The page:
So the bottom line is that you'd have a president with a lot greater strength and leadership who wouldn't have waited a year and a half to be in the position we're in where your viewers are looking at those -- those heart-rendering, horrible scenes, that slaughter that took place just the other day.

KING: Mr. Coleman, appreciate your time. Thank you.

Let's get some more perspective now on the bloodshed in Syria. Fareed Zakaria, the host of "FAREED ZAKARIA GPS" and editor-at-large for "TIME" magazine.

Fareed, I want to start with the criticism from the Republican nominee-to-be, Mitt Romney. He says there's a paralysis in the Obama White House when it comes to this. His adviser, Norm Coleman, we just heard him say that the president is hiding between Kofi Annan, that he's too reliant that the Russians will somehow come in later and save the day. Valid points?

FAREED ZAKARIA, CNN ANCHOR: I think it is mostly political, to be honest, because most of what Governor Romney is attacking President Obama for is a kind of unspecified lack of assertiveness, that we should be tougher and we should -- we should somehow, you know, force the Syrian regime out.

For example, contrast that with Senator McCain or Lindsey Graham, who are very tough on the president, but they have a specific course of action they are advocating. They are advocating military intervention. As far as I can tell, a pretty open-ended military intervention. You know, they may have certain conditions.

But in the case of Romney, it's unclear what he would do, you know, being tough for going -- getting out ahead. What does all that mean? At the end of the day, we have to ask ourselves, what tools do we have? And how do we use them?

President Obama has decided he's not going to use the military yet. He's using diplomatic tools and economic tools. And if President Romney has a better strategy, we need to hear it.

KING: And so when you say what tools do we have and what tools do we use, I think -- I don't think there's any disagreement that the Kofi Annan mission has failed, and some would argue -- and I can't debate them -- failed miserably. What other tools does the president have diplomatically?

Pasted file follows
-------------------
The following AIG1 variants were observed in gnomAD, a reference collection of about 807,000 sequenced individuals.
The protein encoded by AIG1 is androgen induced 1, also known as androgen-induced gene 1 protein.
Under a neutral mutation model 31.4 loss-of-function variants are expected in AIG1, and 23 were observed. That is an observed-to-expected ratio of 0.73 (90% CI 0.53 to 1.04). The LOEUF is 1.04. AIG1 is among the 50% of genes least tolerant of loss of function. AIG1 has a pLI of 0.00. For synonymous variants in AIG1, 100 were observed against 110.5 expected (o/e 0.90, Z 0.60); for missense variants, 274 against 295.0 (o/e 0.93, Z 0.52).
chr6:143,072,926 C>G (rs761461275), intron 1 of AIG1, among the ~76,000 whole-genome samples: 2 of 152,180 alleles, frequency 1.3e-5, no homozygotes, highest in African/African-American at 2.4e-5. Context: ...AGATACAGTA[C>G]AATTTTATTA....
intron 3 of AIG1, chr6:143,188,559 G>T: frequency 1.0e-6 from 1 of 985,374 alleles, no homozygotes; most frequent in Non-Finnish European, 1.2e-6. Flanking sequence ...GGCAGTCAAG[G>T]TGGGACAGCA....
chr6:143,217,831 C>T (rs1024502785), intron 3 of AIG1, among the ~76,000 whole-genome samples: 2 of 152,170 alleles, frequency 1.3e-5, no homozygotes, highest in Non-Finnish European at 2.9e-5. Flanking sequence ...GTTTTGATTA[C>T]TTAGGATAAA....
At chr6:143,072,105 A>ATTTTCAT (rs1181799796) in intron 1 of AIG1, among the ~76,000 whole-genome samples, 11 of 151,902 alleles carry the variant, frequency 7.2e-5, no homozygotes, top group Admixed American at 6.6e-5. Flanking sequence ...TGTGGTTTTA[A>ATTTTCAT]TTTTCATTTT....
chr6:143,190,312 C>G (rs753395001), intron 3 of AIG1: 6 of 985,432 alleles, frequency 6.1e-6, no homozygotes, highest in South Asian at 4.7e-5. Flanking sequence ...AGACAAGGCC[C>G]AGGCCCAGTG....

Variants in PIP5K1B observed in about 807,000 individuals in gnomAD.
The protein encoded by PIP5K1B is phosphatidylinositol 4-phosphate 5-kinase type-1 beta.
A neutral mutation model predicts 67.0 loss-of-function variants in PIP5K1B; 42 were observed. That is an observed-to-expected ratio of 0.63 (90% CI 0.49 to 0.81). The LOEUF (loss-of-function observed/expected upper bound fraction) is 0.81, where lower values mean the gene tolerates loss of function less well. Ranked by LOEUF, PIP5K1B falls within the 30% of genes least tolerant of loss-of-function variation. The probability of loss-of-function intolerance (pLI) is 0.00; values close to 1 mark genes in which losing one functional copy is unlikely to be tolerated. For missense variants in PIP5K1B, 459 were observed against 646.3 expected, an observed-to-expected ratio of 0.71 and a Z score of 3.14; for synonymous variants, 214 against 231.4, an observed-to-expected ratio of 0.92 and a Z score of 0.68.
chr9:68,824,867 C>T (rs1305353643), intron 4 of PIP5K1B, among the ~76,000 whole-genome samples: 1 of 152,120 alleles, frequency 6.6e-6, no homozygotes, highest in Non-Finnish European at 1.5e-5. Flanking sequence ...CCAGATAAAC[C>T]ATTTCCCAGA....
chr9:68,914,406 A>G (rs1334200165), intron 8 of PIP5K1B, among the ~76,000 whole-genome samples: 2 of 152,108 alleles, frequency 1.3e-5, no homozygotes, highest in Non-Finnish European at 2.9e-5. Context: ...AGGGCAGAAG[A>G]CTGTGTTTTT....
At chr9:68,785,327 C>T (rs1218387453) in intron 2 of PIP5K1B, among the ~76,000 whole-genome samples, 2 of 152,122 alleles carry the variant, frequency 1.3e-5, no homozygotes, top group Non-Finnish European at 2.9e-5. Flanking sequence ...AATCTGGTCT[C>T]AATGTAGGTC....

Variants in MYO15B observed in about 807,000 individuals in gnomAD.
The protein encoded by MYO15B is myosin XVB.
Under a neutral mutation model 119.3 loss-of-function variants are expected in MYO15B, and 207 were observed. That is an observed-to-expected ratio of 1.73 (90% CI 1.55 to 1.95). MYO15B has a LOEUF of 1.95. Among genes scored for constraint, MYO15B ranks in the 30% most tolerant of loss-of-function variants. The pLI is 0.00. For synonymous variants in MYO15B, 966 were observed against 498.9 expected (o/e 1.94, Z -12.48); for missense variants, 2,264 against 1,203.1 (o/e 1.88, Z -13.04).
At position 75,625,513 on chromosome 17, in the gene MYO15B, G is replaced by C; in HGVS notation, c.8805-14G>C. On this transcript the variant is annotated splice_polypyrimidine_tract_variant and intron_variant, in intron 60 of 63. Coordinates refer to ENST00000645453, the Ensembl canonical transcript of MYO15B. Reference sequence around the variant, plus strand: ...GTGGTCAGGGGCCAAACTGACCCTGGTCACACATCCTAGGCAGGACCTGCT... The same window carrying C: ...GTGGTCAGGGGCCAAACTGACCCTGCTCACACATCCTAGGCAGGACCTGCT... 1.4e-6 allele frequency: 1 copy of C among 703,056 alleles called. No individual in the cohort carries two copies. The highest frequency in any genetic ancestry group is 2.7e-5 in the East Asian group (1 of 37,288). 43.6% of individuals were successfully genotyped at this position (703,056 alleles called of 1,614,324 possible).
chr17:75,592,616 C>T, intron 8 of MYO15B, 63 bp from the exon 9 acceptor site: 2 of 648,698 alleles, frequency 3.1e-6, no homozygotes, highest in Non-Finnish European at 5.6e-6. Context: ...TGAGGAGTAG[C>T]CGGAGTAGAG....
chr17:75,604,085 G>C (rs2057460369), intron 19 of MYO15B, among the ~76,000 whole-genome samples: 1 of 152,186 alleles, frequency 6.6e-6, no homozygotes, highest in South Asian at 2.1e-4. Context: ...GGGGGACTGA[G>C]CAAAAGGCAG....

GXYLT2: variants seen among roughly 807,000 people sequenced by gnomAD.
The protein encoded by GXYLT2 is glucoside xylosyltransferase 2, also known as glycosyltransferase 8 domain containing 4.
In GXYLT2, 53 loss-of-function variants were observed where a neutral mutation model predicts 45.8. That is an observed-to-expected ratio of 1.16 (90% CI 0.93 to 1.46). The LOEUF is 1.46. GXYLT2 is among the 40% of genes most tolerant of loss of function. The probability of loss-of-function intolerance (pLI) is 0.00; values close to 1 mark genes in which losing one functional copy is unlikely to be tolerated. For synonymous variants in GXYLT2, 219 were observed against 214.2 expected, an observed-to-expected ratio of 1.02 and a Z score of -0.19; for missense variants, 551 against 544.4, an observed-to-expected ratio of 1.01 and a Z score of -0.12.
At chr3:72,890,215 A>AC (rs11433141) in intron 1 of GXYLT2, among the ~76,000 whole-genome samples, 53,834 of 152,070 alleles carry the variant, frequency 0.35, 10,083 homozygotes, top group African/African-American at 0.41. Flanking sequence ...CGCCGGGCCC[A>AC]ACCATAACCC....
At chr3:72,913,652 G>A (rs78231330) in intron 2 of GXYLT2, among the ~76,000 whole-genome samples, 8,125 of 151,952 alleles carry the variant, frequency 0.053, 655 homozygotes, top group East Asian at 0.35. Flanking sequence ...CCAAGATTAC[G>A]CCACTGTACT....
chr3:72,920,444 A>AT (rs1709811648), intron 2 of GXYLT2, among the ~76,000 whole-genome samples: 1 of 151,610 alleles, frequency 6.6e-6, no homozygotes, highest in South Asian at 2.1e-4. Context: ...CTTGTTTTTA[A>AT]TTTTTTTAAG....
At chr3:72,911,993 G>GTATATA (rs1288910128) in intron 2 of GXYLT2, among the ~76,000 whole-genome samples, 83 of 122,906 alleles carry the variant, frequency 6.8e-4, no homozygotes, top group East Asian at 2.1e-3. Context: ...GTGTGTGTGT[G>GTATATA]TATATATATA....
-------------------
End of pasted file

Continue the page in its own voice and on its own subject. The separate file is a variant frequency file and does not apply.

ZAKARIA: Well, I think that the effort to try to get the Russians to -- to stop shielding the regime are important. The Russians, obviously, are never going to cooperate.

But at some point, they might realize that the Assad regime's days are numbered and they better get on the right side of history. And they might want to reposition themselves in the right place. And that might provide an opening.

At the end of the day, I think you have two choices. One is to try and economically strangle this regime, which is, frankly, quite possible, because this is not an oil-rich country. The regime does not have an unending supply of cash.

KING: Do you see a viable military option? When you talk to folks at the Pentagon they say you'd have to have at least 75,000 boots. They're worried about a dozen or more depots with chemical and other weapons of mass destruction around Syria, a very complicated ethnic situation and a much tougher, stronger well-trained army than you had in Libya.

ZAKARIA: I think it's very tough. Because as you said, the Libyan case is quite different. Syria is about 10 percent the size of Libya with about three times as many people.

In other words, in Libya, you had vast swaths of territory where the rebels could hide. They could get resupplied. That's why they were able to detach almost a half of the country or a third of the country and a major city, Benghazi, from which they could get resupplied, from which they could proclaim independence. Syria has no such geography, and as a result, notice that the Syrian rebels do not control anything. They do not control a town; they do not control a piece of territory. And so it's going to be very hard.